A Cambodian academic says the derailment of democracy and coming to power of the junta regime in Thailand sets a bad example for other ASEAN countries.
Deth Sok Udom, a Cambodian political scientist and Dean of Academic Affairs of Zaman University, Phnom Penh, said on a radio program on Voice of America (VOA) Khmer on Monday that the 2014 coup d’état and the junta’s subsequent assumption of power set a bad example for other ASEAN nations, especially on mainland Southeast Asia, most of which are still stumbling toward democratic development.
Deth commented that other dictatorial governments in the region might repeat the claims of the Thai junta about the risks that come with democracy in order to maintain their own interests.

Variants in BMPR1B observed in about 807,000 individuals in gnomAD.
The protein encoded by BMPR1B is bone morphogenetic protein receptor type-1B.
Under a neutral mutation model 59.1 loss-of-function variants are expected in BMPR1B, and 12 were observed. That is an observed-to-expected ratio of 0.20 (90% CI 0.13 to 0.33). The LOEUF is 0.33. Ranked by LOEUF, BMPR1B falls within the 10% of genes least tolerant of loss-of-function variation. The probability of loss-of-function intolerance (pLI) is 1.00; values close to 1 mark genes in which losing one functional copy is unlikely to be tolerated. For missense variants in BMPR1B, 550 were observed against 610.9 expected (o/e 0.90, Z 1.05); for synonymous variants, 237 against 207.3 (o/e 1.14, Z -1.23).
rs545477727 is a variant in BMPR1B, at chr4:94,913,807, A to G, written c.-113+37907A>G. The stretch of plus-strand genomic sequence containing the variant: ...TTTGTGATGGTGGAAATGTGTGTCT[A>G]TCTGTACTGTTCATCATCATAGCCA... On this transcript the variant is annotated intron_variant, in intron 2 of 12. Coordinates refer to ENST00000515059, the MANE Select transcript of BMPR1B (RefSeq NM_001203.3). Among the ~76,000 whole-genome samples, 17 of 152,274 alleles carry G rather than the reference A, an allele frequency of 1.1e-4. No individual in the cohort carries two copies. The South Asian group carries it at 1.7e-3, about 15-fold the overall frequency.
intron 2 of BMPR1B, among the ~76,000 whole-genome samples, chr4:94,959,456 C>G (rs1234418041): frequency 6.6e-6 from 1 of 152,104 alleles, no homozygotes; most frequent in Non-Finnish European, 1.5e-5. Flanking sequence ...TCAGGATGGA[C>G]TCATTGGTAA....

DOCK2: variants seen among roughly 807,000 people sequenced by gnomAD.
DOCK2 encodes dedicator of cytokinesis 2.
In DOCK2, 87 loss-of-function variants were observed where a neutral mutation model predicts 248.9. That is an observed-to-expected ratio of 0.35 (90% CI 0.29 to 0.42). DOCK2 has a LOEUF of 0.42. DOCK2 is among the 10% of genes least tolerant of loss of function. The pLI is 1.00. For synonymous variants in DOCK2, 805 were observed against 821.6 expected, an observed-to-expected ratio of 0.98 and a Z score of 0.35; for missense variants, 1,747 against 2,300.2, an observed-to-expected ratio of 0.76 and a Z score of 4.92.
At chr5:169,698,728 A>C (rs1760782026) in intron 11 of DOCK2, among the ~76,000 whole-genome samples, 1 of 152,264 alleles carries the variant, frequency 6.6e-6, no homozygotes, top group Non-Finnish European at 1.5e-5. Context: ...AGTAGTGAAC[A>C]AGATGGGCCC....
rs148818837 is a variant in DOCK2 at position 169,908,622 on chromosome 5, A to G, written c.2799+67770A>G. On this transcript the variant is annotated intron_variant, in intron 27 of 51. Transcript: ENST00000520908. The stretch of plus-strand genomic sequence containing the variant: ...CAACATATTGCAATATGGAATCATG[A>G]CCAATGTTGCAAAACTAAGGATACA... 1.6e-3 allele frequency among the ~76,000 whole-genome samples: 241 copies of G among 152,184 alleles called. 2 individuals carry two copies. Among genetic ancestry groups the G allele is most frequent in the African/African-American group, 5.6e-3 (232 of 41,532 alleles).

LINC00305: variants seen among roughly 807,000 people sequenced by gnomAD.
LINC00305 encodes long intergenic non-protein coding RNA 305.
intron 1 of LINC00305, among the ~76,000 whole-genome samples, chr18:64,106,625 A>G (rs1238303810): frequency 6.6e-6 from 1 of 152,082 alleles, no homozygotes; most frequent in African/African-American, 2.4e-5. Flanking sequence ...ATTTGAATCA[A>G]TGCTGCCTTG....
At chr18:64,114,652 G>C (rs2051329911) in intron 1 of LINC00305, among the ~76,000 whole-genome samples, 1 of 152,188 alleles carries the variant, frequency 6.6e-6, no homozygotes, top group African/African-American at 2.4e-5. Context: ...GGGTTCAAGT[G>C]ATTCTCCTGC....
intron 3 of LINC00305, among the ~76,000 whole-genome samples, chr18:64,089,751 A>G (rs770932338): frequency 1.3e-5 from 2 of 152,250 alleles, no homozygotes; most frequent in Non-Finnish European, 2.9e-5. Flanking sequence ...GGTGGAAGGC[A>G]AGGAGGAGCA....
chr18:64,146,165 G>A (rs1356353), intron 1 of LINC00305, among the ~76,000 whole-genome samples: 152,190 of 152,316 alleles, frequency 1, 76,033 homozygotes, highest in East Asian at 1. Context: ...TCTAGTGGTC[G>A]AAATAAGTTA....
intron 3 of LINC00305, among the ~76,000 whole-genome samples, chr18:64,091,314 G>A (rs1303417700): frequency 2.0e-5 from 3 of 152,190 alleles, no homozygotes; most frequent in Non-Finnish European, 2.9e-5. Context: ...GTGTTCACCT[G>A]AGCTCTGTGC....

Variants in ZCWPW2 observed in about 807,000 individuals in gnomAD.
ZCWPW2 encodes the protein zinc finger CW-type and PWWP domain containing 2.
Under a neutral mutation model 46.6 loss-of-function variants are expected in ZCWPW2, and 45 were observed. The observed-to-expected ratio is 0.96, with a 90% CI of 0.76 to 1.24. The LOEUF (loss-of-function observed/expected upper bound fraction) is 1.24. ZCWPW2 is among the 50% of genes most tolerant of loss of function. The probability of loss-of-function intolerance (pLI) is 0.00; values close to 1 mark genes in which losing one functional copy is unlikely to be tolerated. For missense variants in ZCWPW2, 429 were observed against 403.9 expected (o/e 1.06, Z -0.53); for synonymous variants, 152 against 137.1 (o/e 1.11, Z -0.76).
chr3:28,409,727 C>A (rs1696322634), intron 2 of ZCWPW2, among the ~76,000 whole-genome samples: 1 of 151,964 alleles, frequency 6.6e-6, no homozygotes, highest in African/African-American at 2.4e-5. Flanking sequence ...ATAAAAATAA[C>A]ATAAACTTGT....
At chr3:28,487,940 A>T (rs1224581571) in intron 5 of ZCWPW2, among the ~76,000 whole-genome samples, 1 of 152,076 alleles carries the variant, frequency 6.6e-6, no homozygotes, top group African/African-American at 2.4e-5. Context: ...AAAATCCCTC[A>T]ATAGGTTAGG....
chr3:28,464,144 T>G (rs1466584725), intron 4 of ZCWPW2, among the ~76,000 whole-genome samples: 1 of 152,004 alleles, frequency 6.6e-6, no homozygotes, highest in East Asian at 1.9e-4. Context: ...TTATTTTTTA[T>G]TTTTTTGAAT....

He added that while Myanmar and Cambodia are currently experiencing a democratic transition, Thailand represents a setback.
“In a unified area, if parts of the area are broken, eventually that will affect the whole area,” said Deth, quoted by VOA Khmer.
He pointed out that Thailand doesn’t seem to be influenced by the politics of other countries in the region, which include Indonesia, the biggest country in ASEAN, which has recently successfully emerged into a democratic transition after years of military dictatorship.
He further commented that although Indonesia experienced a democratic transition before other countries in ASEAN, Indonesia has not been as successful as other countries and has not outstripped Thailand very far on a global scale.
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